The weather data collected every day can have a range of new benefits if it is made open and interpreted in the right way.
A surprisingly vast amount of weather data is freely available online to anybody wanting to use it. However, for the most part it is not being utilized to its full potential.
There are thousands of possible applications for this information, but few that are actually brought to fruition. This is partially down to a lack of consistency, with weather data not always being available for certain regions, but also due to a lack of awareness around the exciting possibilities it presents. Hopefully, this is set to change in the near future.
We live in what is perhaps the golden age of freedom of information. However, not all data is completely accessible. Organizations that collect information are under no obligation to share it, and this can lead to some large gaps in our collective knowledge. This is a shame, because open data is beneficial for a wide range of people. For example, the release of information generally helps the economy. One instance of this can be seen in the case of Zillow, a Seattle-based firm that uses open data regarding real estate sales. The firm relies on this to provide estimates on house prices, among other things.
The company now employs hundreds of people, and boosts the economy in a number of ways. All that was required to spur on its existence was for existing data to be made freely available; something that costs next to nothing. Then there is the huge benefit to the general public. With so much data flowing back and forth, it can be difficult to get the exact information you need. However, open data projects simplify this for everyone.
A great example is the Guardian Good GCSE Guide, which combines various open datasets into a searchable database of UK schools. Users can find schools that offer specific courses and compare their exam results, enabling them to make the best decisions about where to send their children. Weather data has also been used for this purpose. Monsanto and DuPont, both giants in the agricultural business, have developed what they call "prescriptive planting". This uses weather data, among a host of other open information, to tell farmers how densely their seeds should be planted, and at what depth.
Of course, there are a few flaws in the current state of open data, particularly weather data. The first of these is simply that information on its own is not worth much unless it can be interpreted. The raw data is interesting for a select few, but for the vast majority of people it has next to no practical use.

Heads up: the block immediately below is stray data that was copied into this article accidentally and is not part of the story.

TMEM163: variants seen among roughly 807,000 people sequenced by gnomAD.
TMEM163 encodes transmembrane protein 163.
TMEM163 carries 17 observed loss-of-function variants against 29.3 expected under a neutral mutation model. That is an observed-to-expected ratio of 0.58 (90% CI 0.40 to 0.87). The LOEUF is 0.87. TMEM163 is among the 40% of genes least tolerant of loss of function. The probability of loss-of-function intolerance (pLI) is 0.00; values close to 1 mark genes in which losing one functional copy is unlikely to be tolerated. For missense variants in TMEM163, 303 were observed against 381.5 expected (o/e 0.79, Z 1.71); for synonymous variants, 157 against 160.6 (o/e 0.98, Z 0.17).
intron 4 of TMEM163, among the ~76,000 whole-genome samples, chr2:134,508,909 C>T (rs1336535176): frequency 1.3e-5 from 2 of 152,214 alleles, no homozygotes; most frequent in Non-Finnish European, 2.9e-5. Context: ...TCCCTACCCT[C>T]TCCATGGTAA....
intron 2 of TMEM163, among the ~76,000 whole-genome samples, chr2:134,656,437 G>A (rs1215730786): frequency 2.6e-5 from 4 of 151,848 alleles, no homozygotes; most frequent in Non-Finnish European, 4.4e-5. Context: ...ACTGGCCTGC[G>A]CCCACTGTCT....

Take for example an open dataset of air pressure in a particular region. On its own, this cannot tell people what weather to dress for. It cannot tell farmers how to look after their crops or livestock, or help workers decide which form of transport to take to the office. For most people the data is essentially meaningless.
This represents a key opportunity for innovators, developers and a range of other talented people who can fill this niche. Open data does not just need to be interpreted, but also combined with other datasets to form a complete picture of whatever is being measured. Apps and programs help transform raw information into something meaningful for consumers.
To a certain extent, open data that is not interpreted in some way cannot really be said to be open. If it only makes sense to a specialized group of people with the knowledge to 'read' it, then it is effectively closed off to the vast majority of humanity. That is why it is so important to make as much use of open data as possible. It has been used to provide consumers with everything from bus arrival times to their local crime rates to the voting records of politicians.
Weather data is particularly important, as everyone from individuals to huge companies can benefit from it. Applications that make use of open weather data can therefore potentially have a huge impact.
The importance of creating these applications should be clear. The crucial measurements taken every day can be used in different ways by people from all walks of life if the right tools are provided to them. In this way, simple information can create new benefits for everyone.
Disclaimer: The views and opinions expressed in this article are those of the authors and do not necessarily reflect those of Vaisala.